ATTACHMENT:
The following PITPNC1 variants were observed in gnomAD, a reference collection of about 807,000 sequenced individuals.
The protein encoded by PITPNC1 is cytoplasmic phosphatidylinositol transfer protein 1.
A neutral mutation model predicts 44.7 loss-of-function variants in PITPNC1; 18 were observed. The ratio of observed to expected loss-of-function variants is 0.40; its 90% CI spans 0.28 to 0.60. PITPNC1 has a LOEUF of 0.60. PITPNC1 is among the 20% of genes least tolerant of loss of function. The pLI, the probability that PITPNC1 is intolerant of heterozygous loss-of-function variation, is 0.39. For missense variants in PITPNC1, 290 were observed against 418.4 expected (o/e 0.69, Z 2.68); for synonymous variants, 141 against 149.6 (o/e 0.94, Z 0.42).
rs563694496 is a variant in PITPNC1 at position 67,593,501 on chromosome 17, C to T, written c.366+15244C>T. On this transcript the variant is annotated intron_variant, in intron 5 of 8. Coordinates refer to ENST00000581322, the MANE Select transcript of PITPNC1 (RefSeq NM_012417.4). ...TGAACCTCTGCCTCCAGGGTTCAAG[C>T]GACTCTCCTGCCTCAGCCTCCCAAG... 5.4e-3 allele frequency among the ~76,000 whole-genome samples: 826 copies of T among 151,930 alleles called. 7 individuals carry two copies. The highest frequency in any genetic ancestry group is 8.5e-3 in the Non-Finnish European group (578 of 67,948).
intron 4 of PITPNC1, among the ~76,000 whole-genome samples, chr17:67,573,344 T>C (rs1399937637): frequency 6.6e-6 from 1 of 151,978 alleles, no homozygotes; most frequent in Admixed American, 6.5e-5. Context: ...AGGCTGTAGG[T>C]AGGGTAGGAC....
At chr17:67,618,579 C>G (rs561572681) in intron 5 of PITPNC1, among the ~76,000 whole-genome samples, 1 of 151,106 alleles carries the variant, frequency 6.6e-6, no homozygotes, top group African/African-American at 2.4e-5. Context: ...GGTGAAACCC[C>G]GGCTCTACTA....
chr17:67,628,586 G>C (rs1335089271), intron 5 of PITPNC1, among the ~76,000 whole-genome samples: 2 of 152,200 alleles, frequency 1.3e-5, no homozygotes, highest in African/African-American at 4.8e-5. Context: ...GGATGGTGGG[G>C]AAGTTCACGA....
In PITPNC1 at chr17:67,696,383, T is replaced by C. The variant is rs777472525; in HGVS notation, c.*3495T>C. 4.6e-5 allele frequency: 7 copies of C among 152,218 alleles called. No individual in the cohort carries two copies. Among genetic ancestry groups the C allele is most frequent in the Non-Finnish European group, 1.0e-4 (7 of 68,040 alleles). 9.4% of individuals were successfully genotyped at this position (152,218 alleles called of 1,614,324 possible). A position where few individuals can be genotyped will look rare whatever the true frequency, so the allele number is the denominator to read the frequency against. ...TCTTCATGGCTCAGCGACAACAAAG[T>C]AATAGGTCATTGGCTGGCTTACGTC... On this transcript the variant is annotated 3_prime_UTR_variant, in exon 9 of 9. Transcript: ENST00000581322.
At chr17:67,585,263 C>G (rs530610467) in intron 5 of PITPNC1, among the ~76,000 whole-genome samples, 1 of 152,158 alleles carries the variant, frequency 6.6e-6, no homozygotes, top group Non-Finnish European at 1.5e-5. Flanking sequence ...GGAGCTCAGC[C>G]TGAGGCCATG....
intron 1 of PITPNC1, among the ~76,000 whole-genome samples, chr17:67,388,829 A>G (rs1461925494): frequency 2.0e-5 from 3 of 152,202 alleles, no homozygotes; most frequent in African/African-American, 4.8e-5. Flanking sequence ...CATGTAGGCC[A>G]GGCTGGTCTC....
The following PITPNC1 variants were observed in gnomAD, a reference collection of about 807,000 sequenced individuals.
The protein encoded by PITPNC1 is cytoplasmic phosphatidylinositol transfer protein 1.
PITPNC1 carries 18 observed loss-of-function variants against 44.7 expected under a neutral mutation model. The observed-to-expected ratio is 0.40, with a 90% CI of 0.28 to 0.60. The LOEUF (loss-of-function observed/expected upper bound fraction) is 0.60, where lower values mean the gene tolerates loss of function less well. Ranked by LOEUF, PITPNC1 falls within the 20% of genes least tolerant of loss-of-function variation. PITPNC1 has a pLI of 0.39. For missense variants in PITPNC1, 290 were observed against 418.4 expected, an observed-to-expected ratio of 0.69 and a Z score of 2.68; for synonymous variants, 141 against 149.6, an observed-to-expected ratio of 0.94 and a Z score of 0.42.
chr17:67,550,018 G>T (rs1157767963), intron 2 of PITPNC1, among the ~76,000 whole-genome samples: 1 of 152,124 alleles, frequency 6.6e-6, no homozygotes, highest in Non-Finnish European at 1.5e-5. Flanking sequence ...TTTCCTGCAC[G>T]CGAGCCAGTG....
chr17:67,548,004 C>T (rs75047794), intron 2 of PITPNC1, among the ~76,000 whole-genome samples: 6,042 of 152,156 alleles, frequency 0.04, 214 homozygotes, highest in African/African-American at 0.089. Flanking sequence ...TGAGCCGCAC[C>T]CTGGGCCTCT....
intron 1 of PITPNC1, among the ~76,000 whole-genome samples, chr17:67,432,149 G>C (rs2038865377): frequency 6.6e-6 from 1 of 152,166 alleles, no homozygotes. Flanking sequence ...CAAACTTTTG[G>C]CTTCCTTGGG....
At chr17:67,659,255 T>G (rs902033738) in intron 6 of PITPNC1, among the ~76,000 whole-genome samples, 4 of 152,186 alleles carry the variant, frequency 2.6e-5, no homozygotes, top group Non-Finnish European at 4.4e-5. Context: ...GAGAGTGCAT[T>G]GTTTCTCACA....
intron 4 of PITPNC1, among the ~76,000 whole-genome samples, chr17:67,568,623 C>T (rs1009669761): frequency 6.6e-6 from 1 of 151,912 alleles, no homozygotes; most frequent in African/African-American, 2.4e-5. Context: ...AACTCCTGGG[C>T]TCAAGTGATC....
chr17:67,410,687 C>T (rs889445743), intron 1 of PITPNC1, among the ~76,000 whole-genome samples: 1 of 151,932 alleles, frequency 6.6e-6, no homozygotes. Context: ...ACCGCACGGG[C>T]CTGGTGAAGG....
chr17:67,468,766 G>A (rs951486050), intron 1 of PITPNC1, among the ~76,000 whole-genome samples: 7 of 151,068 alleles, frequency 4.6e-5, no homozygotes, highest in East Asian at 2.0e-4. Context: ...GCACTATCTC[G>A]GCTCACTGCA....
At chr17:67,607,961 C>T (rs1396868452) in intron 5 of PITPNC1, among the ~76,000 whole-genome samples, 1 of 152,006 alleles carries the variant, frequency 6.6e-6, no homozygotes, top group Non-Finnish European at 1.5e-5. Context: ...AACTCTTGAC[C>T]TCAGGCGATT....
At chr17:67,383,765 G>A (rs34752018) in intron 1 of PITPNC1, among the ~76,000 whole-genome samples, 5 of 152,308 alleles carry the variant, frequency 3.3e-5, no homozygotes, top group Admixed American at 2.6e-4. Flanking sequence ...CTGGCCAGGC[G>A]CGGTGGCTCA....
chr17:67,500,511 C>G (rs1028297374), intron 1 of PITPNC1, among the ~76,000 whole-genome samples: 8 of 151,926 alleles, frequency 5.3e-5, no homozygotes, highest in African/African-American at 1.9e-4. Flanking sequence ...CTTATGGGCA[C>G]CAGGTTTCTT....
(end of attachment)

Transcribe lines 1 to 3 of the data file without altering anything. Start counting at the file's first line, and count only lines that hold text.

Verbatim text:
The following PITPNC1 variants were observed in gnomAD, a reference collection of about 807,000 sequenced individuals.
The protein encoded by PITPNC1 is cytoplasmic phosphatidylinositol transfer protein 1.
A neutral mutation model predicts 44.7 loss-of-function variants in PITPNC1; 18 were observed. The ratio of observed to expected loss-of-function variants is 0.40; its 90% CI spans 0.28 to 0.60. PITPNC1 has a LOEUF of 0.60. PITPNC1 is among the 20% of genes least tolerant of loss of function. The pLI, the probability that PITPNC1 is intolerant of heterozygous loss-of-function variation, is 0.39. For missense variants in PITPNC1, 290 were observed against 418.4 expected (o/e 0.69, Z 2.68); for synonymous variants, 141 against 149.6 (o/e 0.94, Z 0.42).